Abstract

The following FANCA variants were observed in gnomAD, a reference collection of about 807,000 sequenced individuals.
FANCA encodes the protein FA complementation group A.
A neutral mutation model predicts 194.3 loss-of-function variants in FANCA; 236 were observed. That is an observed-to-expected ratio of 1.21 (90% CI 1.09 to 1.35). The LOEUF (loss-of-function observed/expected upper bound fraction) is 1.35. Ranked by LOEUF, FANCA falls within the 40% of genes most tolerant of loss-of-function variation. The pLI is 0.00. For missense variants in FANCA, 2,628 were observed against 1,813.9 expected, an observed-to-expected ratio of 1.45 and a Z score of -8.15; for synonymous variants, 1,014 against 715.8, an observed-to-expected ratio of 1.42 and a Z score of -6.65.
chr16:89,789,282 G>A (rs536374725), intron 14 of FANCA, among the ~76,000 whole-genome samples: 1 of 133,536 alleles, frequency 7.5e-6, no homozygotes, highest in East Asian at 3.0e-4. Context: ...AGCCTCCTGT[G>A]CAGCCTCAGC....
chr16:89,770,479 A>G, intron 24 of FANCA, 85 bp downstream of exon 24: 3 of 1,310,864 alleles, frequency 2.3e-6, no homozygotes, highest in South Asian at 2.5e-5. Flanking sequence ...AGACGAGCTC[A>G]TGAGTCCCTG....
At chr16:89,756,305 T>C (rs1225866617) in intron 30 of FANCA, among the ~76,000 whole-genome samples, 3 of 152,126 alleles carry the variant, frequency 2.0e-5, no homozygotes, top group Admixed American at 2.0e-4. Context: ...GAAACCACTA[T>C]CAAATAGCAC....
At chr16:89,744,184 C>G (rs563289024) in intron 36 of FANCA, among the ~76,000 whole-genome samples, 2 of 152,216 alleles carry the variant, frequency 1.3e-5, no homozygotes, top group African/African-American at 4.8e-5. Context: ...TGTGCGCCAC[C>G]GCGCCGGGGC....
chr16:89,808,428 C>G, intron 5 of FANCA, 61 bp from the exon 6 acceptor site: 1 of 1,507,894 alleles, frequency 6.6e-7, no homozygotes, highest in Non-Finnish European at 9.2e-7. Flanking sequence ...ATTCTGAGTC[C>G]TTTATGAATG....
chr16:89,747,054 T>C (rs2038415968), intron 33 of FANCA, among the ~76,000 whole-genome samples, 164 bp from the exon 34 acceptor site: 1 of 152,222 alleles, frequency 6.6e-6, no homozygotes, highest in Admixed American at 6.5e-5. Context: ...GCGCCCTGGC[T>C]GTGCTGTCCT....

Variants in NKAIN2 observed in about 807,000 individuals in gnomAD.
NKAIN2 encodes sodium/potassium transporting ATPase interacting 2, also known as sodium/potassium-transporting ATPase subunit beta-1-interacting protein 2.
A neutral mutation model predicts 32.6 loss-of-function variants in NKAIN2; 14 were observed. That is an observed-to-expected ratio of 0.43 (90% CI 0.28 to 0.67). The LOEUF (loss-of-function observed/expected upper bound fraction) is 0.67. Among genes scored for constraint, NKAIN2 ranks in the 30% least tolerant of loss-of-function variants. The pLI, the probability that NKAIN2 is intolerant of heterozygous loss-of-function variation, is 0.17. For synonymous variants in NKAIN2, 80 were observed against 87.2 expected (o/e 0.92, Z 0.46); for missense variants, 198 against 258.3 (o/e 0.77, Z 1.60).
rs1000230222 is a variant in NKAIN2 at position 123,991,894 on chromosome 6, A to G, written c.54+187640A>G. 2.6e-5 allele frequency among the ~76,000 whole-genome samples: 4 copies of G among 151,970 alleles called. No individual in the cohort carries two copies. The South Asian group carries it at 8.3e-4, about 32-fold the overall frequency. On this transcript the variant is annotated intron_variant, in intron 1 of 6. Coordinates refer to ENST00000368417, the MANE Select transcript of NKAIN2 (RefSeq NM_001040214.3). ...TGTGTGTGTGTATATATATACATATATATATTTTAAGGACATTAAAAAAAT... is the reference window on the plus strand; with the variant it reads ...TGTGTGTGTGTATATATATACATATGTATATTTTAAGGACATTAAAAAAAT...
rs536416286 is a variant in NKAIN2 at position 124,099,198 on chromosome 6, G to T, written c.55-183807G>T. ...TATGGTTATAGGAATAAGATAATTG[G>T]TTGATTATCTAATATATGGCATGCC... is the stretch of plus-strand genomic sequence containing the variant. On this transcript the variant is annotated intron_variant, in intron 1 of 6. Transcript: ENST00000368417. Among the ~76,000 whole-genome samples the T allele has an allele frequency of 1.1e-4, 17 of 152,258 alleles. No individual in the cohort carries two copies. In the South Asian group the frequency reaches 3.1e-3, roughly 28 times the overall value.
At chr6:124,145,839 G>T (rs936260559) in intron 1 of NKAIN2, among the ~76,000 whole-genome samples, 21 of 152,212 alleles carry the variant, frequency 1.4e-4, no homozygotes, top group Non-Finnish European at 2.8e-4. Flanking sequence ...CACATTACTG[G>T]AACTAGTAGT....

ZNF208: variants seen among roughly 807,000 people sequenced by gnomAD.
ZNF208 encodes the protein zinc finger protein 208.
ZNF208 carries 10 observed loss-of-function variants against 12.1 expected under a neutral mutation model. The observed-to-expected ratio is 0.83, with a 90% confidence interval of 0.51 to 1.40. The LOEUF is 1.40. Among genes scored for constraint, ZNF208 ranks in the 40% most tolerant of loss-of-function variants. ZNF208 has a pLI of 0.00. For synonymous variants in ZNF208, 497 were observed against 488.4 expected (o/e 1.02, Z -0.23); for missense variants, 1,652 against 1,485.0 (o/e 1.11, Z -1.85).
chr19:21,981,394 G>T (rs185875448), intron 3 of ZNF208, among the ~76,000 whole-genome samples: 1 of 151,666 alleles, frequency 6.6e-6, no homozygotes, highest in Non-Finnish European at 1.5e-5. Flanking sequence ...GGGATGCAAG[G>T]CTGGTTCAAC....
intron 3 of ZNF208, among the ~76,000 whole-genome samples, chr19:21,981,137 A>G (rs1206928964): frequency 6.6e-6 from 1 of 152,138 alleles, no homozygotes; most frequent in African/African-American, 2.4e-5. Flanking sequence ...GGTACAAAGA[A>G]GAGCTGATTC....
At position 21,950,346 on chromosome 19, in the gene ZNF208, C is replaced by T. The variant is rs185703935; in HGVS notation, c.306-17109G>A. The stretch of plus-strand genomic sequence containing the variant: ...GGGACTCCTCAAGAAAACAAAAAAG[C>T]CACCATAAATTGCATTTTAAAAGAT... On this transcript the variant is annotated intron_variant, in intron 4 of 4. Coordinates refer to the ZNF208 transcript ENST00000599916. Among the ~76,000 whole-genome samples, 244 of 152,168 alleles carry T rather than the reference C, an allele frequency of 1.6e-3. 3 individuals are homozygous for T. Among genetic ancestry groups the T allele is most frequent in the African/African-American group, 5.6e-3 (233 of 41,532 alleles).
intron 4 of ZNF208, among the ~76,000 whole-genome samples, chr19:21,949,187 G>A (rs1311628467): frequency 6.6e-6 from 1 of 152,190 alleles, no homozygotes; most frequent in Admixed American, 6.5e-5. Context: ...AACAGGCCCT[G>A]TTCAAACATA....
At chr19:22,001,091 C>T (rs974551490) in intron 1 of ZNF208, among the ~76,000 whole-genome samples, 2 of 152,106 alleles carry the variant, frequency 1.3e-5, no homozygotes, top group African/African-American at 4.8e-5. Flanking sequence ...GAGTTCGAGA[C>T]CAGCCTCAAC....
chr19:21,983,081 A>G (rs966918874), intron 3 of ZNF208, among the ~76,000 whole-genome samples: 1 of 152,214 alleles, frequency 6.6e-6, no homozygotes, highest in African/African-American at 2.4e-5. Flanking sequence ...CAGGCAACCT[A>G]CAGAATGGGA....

Gross job and worker flows in Russian industry are studied using panel data from a survey of 530 firms selected through national probability sampling. The data permit examination of several crucial measurement issues, including the timing and definition of employment and the role of reorganizations, and they contain rich information on firm characteristics. We find that new and reorganized firms display larger flows than unreorganized enterprises. Product market dispersion and managerial and dispersed outsider ownership are associated with greater worker churning, and unionization and concentrated outsider ownership with less. There is little evidence that the average firm's employment adjustments have become more responsive to adjustment costs during the transition, but private ownership and product market competition appear to increase responsiveness.